Broadleaved Plants with Opposite Simple Leaves

Plants With Simple Leaves

A leaf, not a leaflet woody

Leaf and buds opposite (useful in winter)

Phough more numerous than those of Section II, the plants with opposite simple leaves are still so few as to be rather easily identified. In winter, of course, plants with opposite leaf scars may be members of either Section II or III and the drawings in both Sections must be reviewed- Care should be taken that the leaves or leaf scars on the stubby, scar-crowded spur branches of some alternate-leaved plants are not thought to be opposite or whorled. No opposite-leaved plants have spur branches.

III- PLATE 12

Plants With Simple LeavesOpposite Leaf Tree

PARTRf DGEBER RY

LOW CREEPING AND TRAILING SHRUBS

us distinguished from climbing vines and erect woody plants. The creeping stems often take root. American Mistletoe (a parasite on branches of broad-leaved trees), p. 69, is included here.

V ST ANDREW'S CROSS, Ascyrum hypericoides p. 67

Sandy and rocky fields and woods; se, Massachusetts, Pennsylvania, Kentucky, s. Indiana, s. Illinois, and Kansas to Florida and Texas,

V ST PETERSWORT, Ascyrum starts p. 68

Dry U> moist woods and fields; se. New York, e, Pennsylvania, and Kentucky to Florida and Texas.

V AMERICAN STRAWBERIiY-BUSH p. 68

Euon ymus americanus

Fertile woods; sc. New York, Pennsylvania, s. Illinois, Missouri, and Oklahoma to Florida and Texas,

* RUNNING STRAWBERRY-BUSH, Euonymus obovatus p. 68 Damp woods and thickets; w. New York, s. Ontario, aiul s. Michigan to Tennessee and Missouri.

V PARTRIDGEBERRY, Aiitchella repens p. 68

Forest floors; sw. Newfoundland, s. Quebec, and Minnesota to Florida and Texas.

i TWIN FLOWER, lAnnaea boreal is var. atnericana p. 68

Tundras, hogs, coot swamps; w, Greenland and Alaska to sc. New York, w. Maryland, W. Virginia, we. Ohio, n, Indiana, S. Dakota, Colorado, and n. California.

V ALPINE-AZALEA, Loiseleuria procumbens p. 69

Tundras and bogs; Greenland and Alaska to mts. of Maine, New Hampshire, and Alberta.

V PACHISTIMA, Pachistima canbyi p. 69

Rocky slopes; w, Virginia, W. Virginia, and se. Ohio.

V AMERICAN MISTLETOE p. 69

Phoradendron fiavescens (not ill us.)

PARTRf DGEBER RY

STRAWBERRY-BUSH ST. PEIERSWORT

TWfNFLOWER

ALPINE-AZALEA

Semi Erect

semi-erect

Leaves narrow not toothed

Twigs dark, rou ndf ridged; branchlets shreddy

ST. ANDREW'S CROSS ST. PETERSWORT

Semi Erect

semi-erect

Leaves finely toothed

Twigs green, square, 4-lined; branchlets smooth

Leaves egg-shaped narrow

RUNNING STRAWBERRY-BUSH

AMERICAN STRAWBERRY-BUSH

not toothed

PARTRIDGE

BERRY

not g^ toothed forming dense mats

ALPINE-

TWINFLOWER AZALEA

Twigs dark, round, leaves evergreen, BrancMefs not shreddy.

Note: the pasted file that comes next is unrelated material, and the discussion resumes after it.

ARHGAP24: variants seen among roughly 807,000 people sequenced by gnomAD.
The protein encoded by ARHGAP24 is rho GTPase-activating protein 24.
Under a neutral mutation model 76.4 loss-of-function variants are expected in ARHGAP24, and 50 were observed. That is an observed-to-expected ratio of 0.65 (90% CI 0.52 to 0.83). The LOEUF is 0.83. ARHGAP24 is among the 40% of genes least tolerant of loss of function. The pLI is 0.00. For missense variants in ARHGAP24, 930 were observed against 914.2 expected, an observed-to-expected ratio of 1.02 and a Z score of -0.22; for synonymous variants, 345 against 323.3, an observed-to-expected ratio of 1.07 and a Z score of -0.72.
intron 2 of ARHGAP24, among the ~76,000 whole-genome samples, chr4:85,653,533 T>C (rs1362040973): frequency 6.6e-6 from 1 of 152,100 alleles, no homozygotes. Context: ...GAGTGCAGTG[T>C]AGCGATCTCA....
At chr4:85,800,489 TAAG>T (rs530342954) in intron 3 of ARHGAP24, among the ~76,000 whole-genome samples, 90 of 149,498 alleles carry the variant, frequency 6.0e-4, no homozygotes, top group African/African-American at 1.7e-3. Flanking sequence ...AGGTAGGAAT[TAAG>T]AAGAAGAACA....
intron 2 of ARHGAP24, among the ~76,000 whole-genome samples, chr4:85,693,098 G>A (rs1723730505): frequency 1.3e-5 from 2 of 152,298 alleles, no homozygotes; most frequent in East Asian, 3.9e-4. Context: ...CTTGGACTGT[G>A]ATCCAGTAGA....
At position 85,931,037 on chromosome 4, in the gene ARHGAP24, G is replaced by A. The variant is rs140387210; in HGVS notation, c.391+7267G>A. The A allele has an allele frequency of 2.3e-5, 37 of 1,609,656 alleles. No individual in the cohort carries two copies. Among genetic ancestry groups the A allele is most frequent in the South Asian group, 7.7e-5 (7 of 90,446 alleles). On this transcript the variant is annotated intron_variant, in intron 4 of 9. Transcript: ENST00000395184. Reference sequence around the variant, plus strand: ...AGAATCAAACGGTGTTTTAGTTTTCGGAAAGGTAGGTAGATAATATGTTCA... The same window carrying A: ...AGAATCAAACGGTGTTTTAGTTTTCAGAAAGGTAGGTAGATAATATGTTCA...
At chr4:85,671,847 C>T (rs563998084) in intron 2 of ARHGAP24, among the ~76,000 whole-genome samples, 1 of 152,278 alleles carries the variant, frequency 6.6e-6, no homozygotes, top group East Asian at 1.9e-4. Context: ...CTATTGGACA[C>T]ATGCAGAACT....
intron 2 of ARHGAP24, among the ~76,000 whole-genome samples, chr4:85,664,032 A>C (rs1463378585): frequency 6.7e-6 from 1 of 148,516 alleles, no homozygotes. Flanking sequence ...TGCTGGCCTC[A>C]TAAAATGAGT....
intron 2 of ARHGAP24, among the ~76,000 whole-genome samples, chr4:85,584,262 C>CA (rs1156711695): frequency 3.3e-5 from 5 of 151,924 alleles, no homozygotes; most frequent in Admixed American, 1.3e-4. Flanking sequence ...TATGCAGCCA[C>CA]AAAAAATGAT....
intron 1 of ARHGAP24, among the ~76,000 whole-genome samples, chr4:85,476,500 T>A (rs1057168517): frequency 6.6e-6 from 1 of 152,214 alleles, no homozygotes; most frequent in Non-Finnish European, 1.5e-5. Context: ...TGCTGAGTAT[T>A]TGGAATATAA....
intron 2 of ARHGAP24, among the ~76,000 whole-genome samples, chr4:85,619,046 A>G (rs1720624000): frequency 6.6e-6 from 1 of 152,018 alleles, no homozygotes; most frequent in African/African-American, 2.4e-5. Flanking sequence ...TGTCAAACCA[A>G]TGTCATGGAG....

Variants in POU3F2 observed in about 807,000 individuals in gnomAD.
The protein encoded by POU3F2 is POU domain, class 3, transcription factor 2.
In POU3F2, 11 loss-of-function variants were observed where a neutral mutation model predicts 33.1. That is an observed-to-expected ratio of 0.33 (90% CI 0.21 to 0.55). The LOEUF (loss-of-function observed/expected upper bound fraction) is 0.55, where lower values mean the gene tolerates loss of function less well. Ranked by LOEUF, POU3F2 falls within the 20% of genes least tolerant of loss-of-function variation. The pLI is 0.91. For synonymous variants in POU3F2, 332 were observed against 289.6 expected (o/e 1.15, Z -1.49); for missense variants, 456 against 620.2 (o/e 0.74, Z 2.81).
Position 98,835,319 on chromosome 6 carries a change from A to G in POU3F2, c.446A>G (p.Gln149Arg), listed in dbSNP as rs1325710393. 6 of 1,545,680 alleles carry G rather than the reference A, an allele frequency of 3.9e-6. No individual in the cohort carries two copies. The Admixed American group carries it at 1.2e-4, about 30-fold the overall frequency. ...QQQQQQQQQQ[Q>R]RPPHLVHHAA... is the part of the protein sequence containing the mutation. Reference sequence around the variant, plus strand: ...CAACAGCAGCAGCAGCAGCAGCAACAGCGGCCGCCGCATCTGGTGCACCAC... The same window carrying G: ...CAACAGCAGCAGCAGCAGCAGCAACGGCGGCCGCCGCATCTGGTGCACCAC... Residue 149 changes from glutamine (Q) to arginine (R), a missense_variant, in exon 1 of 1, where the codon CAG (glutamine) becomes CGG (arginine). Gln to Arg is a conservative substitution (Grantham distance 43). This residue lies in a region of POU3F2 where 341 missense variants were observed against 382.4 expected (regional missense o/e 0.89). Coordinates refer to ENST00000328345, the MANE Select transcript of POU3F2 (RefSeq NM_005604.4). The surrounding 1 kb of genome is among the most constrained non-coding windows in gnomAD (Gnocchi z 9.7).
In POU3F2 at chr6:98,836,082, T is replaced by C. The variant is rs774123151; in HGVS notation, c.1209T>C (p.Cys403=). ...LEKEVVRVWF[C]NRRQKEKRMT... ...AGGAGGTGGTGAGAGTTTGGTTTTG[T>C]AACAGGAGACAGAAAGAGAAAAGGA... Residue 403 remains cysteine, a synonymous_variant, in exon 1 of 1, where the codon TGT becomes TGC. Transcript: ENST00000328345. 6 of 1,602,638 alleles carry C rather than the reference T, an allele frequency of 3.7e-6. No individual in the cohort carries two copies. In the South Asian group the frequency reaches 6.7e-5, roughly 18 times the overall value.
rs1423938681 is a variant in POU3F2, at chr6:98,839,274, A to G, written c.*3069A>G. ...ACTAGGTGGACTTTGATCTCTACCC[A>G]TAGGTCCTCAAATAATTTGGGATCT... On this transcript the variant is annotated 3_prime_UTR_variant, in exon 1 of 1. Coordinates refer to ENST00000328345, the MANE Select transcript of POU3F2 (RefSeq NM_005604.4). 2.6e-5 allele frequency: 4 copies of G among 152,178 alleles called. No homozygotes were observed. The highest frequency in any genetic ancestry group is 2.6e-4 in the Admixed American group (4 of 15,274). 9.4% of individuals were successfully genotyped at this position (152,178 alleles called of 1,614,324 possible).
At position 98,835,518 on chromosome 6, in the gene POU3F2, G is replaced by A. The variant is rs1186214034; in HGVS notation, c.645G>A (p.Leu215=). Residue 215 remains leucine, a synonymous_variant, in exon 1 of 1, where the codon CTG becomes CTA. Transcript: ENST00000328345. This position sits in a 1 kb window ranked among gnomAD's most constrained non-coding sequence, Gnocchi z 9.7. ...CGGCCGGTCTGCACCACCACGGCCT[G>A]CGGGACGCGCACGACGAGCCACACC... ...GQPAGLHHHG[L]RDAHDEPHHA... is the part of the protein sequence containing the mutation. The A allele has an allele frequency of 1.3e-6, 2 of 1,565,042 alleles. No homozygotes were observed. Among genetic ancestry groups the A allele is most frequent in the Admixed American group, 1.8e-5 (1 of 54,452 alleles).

toothed

NJI toothed

PACHISTIMA

Leaves not leathery

Leaves leathery

FOREST SHRUBS ALPINE SHRUBS

Climbing by twining stems only and leaves not toothed (but see Japanese Honeysuckle); bark papery; branch lets hollow; scales present at twig bases; opposing leaf scars connected by lines.

Flowers of these vines are of Type A, except for Trumpet Honeysuckle (B),

Lonicera Japonica

5f JAPANESE HONEYSUCKLE, Lonicera japonica p. 71

Woods and fields; Massachusetts* Ohio, Missouri, and Kansas to Florida and Texas, i WOODBINE HONEYSUCKLE p. 71

L, periclymenum (not illusj

5r HAIRY HONEYSUCKLE, Lonicera hirsute p. 71

Thickets and rocky soils; w. England, w. Quebec, and Saskatchewan to Pennsylvania, Ohio, Michigan, Minnesota, and Nebraska, i MOUNTAIN HONEYSUCKLE, Lonicera dioica p, 71

Dry thickets and woods; sw, Maine, s. Quebec, Manitoba, and British Columbia to Georgia and net Kansas,

) ROCK HONEYSUCKLE, Lonicera protifera p. 72

Hocky areas; e. Massachusetts, s. Ontario, and se. Manitoba to Tennessee, Arkansas, and e. Kansas.

V YELLOW HONEYSUCKLE, Lonicera flava p. 72

Rocky areas; V Carolina and Missouri to tieorgia, Alabama, and Oklahoma,

5r PALE HONEYSUCKLE, L, flavida (not illus.) p. 72

^ TRUMPET HONEYSUCKLE, Lonicera sempervirens p. 72 Woods; s. Maine, Iowa, and Nebraska to Florida and Texas,

9 Four other t ines with opposite simple leaves, not honeysuckles, are treated in the text only. See Climbing Euonymus, Decumaria, False Jessamine, ami Silkvine on page 70.

Small Plants With Feathery Leaves

Twigs densely hairy; /eaves hairy, green on bof/i sides or purplish below (top 2 species)

Upper leaves not united un

Leaves mostly non evergreen

Black berries

JAPANESE

Flowers IV'-l", white or yellow, hairy inside

Red berries

HAIRY

World Largest Tree EverPurdue Simple Opposite Leaf

ever shaped,

Simple Leaf Plants

ever

Simple Opposite Leaf

Twigs nearly hair/ess; /eaves whifish beneaf/i; upper leaves united; berries red (lower 4 species)

United leaves usually in ted rounded

Uppersides green whitened